For more on David’s Session in Predictive Analytics World, San Fransisco on (http://www.predictiveanalyticsworld.com/sanfrancisco/2011/agenda.php#day2-16a)

Room: Salon 5 & 6
4:45pm – 5:05pm

Track 2: Social Data and Telecom 
Case Study: Major North American Telecom
Social Networking Data for Churn Analysis

A North American Telecom found that it had a window into social contacts – who has been calling whom on its network. This data proved to be predictive of churn. Using SQL, and GAM in R, we explored how to use this data to improve the identification of likely churners. We will present many dimensions of the lessons learned on this engagement.

Speaker: David Katz, Senior Analyst, Dataspora, and President, David Katz Consulting

Exhibit Hours
Monday, March 14th:10:00am to 7:30pm

Tuesday, March 15th:9:45am to 4:30pm

Statistical Analysis with R- by John M Quick

I was asked to be a techie reviewe for John M Quick’s new R book “Statistical Analysis with R” from Packt Publishing some months ago-(very much to my surprise I confess)-

I agreed- and technical reviewer work does take time- its like being a mid wife and there is whole team trying to get the book to birth.

Statistical Analysis with R- is a Beginner’s Guide so has nice screenshots, simple case studies, and quizzes to check recall of student/ reader. I remember struggling with the official “beginner’s guide to R” so this one is different in that it presents a story of a Chinese Army and how to use R to plan resources to fight the battle. It’s recommended especially for undergraduate courses- R need not be an elitist language- and given my experience with Asian programming acumen – I am sure it is a matter of time before high schools in India teach basic R in final years ( I learnt quite a shit load of quantum physics as compulsory topics in Indian high schools- but I guess we didnt have Jersey Shore things to do)

Congrats to author Mr John M Quick- he is doing his educational Phd from ASU- and I am sure both he and his approach to making education simple informative and fun will go places.

Only bad thing- The Name Statistical Analysis with R has atleast three other books , but I guess Google will catch up to it.

This book is here-https://www.packtpub.com/statistical-analysis-with-r-beginners-guide/book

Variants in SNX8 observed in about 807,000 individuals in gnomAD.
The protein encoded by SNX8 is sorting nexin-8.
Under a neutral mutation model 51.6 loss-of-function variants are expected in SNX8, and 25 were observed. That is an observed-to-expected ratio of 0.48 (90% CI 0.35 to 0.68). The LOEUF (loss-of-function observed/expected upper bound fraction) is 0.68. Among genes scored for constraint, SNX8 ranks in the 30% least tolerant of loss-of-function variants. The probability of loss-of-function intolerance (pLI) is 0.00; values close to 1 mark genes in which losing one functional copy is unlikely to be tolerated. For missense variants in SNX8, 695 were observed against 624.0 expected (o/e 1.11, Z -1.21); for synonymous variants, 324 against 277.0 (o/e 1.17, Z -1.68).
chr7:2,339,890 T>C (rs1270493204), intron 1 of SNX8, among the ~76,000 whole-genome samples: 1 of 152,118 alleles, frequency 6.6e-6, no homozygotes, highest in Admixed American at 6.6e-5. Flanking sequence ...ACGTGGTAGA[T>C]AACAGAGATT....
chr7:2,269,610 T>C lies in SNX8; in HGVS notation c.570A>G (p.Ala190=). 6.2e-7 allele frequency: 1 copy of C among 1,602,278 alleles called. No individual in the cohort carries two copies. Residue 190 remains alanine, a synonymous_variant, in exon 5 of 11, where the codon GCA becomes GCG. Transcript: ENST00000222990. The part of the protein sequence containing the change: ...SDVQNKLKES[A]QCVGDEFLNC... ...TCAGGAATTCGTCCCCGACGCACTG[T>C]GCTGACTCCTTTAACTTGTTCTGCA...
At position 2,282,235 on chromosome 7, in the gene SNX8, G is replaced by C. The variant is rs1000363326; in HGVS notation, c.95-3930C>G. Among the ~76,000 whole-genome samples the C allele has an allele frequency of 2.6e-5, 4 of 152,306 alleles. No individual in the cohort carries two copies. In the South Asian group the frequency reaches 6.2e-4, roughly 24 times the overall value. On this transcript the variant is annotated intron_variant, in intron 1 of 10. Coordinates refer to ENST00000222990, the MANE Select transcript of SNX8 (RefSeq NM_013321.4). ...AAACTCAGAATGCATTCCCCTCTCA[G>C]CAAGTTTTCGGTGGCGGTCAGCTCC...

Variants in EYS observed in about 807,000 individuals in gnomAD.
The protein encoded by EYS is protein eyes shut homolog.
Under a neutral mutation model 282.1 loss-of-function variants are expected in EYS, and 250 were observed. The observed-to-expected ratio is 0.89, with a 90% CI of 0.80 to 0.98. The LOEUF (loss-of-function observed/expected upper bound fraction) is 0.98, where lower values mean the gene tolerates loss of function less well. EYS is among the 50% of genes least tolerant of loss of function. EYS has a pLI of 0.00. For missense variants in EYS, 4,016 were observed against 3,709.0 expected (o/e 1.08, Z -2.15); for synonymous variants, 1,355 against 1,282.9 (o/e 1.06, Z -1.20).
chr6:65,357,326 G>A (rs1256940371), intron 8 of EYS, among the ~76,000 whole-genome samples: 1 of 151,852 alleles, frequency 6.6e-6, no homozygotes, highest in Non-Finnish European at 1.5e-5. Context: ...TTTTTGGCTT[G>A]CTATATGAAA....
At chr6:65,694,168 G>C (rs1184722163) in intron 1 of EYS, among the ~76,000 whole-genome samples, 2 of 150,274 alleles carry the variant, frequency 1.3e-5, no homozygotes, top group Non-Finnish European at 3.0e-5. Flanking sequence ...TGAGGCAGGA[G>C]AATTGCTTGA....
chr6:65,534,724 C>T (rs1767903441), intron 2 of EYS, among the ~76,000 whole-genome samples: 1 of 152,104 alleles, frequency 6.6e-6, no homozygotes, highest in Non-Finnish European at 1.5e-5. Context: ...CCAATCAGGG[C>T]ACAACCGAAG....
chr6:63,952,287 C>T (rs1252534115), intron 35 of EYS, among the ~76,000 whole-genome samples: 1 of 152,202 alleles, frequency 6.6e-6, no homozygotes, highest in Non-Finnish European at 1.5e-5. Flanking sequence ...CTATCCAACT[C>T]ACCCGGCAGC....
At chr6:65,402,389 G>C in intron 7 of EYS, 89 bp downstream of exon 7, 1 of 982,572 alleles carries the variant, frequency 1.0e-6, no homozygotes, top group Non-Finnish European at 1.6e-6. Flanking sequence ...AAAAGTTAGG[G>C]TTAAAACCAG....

SAS announcement in education initiatives

From the Research Triangle, some pleasant and positive news- http://triangle.bizjournals.com/triangle/stories/2010/10/04/daily27.html

“As a high tech company, SAS depends on a strong educational system for its long-term success,” said SAS CEO Jim Goodnight. “Beyond that, STEM education – developing skills for a knowledge economy – is critical to American competitiveness. Without emphasis on STEM, we sacrifice innovation and export our knowledge jobs to other countries.”

Goodnight and SAS have been active in education for years. The SAS co-founder and his wife, Ann Goodnight, launched college prep school Cary Academy in 1996, and the SAS inSchool program has developed educational software for schools since the mid-1990s. In 2008, Jim Goodnight made SAS Curriculum Pathways available free to all U.S. educators. The web-based service provides content in English, mathematics, social studies, science and Spanish.

SAS is the only Triangle-based company among the Change the Equation corporate partners, but the group includes several other companies with a significant Raleigh-Durham presence: chief among them IBM (NYSE: IBM), GlaxoSmithKline (NYSE: GSK), and Cisco Systems (Nasdaq: CSCO).

Read the full article at http://triangle.bizjournals.com/triangle/stories/2010/10/04/daily27.html

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Read more: SAS joins IBM, GlaxoSmithKline, Cisco Systems in Obama education effort – Triangle Business Journal